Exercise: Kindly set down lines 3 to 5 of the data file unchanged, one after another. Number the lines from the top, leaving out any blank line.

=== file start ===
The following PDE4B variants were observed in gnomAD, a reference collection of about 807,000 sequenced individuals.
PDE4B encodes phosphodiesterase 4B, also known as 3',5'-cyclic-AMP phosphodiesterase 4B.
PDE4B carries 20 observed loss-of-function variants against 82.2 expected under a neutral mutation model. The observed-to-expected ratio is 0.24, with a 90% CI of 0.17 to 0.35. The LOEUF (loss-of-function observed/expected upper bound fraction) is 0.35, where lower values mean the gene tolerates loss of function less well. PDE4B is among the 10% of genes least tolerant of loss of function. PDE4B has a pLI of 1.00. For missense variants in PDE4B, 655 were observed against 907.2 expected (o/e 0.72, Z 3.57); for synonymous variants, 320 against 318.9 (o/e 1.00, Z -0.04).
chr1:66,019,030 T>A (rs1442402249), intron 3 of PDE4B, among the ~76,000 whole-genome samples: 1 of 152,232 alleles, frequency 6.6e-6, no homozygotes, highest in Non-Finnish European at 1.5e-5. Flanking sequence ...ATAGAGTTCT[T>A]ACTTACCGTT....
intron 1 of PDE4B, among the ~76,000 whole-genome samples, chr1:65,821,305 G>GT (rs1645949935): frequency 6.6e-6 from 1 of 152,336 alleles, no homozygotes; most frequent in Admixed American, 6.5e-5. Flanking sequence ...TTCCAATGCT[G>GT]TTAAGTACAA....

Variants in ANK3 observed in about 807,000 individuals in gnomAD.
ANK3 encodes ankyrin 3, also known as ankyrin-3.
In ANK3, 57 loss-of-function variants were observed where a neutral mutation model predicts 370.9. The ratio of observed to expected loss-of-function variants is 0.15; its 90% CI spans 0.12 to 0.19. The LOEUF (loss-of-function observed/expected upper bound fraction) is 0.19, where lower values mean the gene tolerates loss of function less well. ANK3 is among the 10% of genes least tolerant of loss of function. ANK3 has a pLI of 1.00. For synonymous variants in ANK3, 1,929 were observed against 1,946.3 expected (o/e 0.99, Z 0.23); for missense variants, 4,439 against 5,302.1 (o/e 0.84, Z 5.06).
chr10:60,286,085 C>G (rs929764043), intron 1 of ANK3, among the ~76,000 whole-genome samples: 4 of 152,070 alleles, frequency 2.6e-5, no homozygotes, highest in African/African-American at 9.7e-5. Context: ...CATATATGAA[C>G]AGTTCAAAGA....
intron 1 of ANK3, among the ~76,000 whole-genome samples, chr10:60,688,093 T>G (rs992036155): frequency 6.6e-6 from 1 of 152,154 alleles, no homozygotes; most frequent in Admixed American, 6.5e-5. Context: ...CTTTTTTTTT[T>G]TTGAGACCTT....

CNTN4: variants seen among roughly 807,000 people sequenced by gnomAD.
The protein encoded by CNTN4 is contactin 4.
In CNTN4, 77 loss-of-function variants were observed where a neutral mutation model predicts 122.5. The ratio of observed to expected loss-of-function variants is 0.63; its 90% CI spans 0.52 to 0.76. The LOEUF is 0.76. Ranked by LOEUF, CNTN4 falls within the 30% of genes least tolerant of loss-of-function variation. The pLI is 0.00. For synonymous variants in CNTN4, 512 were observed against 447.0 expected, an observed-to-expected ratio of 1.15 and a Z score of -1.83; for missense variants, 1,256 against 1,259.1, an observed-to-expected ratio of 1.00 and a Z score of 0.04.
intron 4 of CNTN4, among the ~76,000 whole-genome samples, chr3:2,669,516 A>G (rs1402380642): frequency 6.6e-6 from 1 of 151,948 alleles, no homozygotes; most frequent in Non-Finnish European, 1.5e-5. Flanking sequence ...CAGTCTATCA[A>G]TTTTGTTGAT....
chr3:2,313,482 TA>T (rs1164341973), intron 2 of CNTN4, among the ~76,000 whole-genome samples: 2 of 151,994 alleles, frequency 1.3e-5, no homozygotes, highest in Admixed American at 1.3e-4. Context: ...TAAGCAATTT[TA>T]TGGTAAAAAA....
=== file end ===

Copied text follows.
PDE4B carries 20 observed loss-of-function variants against 82.2 expected under a neutral mutation model. The observed-to-expected ratio is 0.24, with a 90% CI of 0.17 to 0.35. The LOEUF (loss-of-function observed/expected upper bound fraction) is 0.35, where lower values mean the gene tolerates loss of function less well. PDE4B is among the 10% of genes least tolerant of loss of function. PDE4B has a pLI of 1.00. For missense variants in PDE4B, 655 were observed against 907.2 expected (o/e 0.72, Z 3.57); for synonymous variants, 320 against 318.9 (o/e 1.00, Z -0.04).
chr1:66,019,030 T>A (rs1442402249), intron 3 of PDE4B, among the ~76,000 whole-genome samples: 1 of 152,232 alleles, frequency 6.6e-6, no homozygotes, highest in Non-Finnish European at 1.5e-5. Flanking sequence ...ATAGAGTTCT[T>A]ACTTACCGTT....
intron 1 of PDE4B, among the ~76,000 whole-genome samples, chr1:65,821,305 G>GT (rs1645949935): frequency 6.6e-6 from 1 of 152,336 alleles, no homozygotes; most frequent in Admixed American, 6.5e-5. Flanking sequence ...TTCCAATGCT[G>GT]TTAAGTACAA....